Impact of Solutions to Surplus Food
The good news is that businesses and consumers can adopt concrete behaviors, processes, and technologies to use existing food resources to feed people and repurpose the remaining waste to feed animals, generate energy, and enhance soil health. ReFED estimates that completely adopting the 42 modeled solutions in ReFED’s Solutions Database would avoid more than 113 million metric tons CO2e of greenhouse gas emissions, save 6.2 trillion gallons of water, and recover through donation the equivalent of 4.16 billion meals each year. In addition to these impacts, implementing these solutions would yield substantial financial gains, with an impressive 5:1 return on investment.
Implementing these solutions – which span prevention, rescue, and recycling strategies – would keep an additional 20.7 million tons in the human supply chain. This constitutes a 27% reduction in food waste and amounts to 127 fewer pounds of food waste per person. (Significant additional reduction potential resides in best practices, process improvements, new technologies, and policy changes not currently reflected in ReFED’s Solutions Database.)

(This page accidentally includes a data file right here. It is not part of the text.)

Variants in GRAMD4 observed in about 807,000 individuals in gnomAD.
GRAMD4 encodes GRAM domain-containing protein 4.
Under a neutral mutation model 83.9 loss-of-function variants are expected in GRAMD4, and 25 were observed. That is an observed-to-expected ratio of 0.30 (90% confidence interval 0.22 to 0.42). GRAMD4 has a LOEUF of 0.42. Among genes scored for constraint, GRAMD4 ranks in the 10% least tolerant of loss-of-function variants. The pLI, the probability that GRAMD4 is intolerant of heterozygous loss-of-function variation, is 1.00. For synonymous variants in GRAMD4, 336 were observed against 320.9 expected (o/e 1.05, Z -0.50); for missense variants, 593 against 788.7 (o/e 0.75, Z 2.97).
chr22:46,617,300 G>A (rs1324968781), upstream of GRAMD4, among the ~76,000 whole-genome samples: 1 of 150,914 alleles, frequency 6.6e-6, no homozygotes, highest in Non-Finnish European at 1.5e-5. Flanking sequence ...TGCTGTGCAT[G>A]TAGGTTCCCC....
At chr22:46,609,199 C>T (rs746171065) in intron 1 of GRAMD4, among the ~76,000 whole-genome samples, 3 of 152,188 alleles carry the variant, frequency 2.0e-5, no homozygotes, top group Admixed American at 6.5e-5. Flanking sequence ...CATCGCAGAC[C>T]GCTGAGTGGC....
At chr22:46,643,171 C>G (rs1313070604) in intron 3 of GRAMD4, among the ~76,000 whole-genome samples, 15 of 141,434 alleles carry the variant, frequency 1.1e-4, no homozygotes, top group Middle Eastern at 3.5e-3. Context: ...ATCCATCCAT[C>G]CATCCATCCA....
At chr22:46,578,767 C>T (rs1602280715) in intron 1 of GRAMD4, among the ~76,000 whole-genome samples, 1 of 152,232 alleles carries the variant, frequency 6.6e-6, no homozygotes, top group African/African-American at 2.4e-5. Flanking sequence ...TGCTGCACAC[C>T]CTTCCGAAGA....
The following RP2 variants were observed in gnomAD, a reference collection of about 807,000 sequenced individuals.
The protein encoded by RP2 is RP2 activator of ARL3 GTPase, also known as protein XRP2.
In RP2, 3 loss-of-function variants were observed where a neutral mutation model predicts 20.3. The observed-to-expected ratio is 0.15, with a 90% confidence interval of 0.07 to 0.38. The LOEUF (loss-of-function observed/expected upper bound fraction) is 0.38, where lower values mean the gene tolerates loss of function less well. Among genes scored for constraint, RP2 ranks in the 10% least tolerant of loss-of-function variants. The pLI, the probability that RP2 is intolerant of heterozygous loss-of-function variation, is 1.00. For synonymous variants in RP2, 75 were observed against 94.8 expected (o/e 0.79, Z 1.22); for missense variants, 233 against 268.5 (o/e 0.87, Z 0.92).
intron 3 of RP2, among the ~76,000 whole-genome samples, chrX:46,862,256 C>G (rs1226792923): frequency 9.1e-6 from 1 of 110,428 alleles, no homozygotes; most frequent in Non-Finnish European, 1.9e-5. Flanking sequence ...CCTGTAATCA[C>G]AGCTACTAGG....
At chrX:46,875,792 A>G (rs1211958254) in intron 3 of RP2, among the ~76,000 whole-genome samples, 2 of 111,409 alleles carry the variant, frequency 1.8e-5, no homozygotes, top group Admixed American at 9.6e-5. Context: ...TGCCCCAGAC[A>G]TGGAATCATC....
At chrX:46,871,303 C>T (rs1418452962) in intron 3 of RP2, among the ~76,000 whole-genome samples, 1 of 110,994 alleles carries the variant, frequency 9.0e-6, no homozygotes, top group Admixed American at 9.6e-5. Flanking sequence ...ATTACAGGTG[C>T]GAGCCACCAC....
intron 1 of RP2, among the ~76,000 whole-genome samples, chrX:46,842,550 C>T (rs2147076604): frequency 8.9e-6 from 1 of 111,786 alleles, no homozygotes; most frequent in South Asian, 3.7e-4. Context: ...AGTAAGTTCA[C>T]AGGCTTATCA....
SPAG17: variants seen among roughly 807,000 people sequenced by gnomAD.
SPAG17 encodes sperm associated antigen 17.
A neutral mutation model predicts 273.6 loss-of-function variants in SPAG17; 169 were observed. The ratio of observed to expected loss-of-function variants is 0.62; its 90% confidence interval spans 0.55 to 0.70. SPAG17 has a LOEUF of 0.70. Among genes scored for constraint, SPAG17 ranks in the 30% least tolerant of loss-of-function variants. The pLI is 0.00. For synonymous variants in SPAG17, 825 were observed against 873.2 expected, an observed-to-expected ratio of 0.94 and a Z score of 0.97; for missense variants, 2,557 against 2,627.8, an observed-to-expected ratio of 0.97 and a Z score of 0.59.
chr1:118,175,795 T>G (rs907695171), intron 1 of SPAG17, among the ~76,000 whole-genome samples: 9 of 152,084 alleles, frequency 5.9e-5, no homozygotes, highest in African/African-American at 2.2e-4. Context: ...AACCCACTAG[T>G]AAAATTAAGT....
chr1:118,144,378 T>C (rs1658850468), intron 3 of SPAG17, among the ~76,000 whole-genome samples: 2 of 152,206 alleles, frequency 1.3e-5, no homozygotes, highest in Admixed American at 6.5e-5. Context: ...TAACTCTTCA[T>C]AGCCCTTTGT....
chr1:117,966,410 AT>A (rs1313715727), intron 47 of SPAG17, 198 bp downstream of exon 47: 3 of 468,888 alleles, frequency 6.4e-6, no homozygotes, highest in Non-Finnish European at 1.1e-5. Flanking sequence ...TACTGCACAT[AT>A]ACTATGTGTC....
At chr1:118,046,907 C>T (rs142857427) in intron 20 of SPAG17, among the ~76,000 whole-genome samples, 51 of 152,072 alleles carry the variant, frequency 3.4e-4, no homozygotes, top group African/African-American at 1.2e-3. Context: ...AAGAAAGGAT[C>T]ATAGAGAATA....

The chart below illustrates how surplus food would be distributed across pathways in the status quo scenario (on the left), and what the distribution would look like if all 42 solutions in ReFED’s Solutions Database were implemented (on the right).
Narrowing the Financial Divide To Scale Food Waste Solutions
Food waste remains a persistent problem, and increased philanthropic and private funding is crucial to scaling up effective solutions. ReFED estimates that $1.4 billion in philanthropic funding – six times the historical average (including indirect food waste funding to food banks) – is needed annually to scale food waste solutions. Notably, even as the recognition of the role of reducing food waste to cut GHG emissions grows, direct philanthropic contributions from individuals and foundations in this space only make up 3% of climate funding in North America.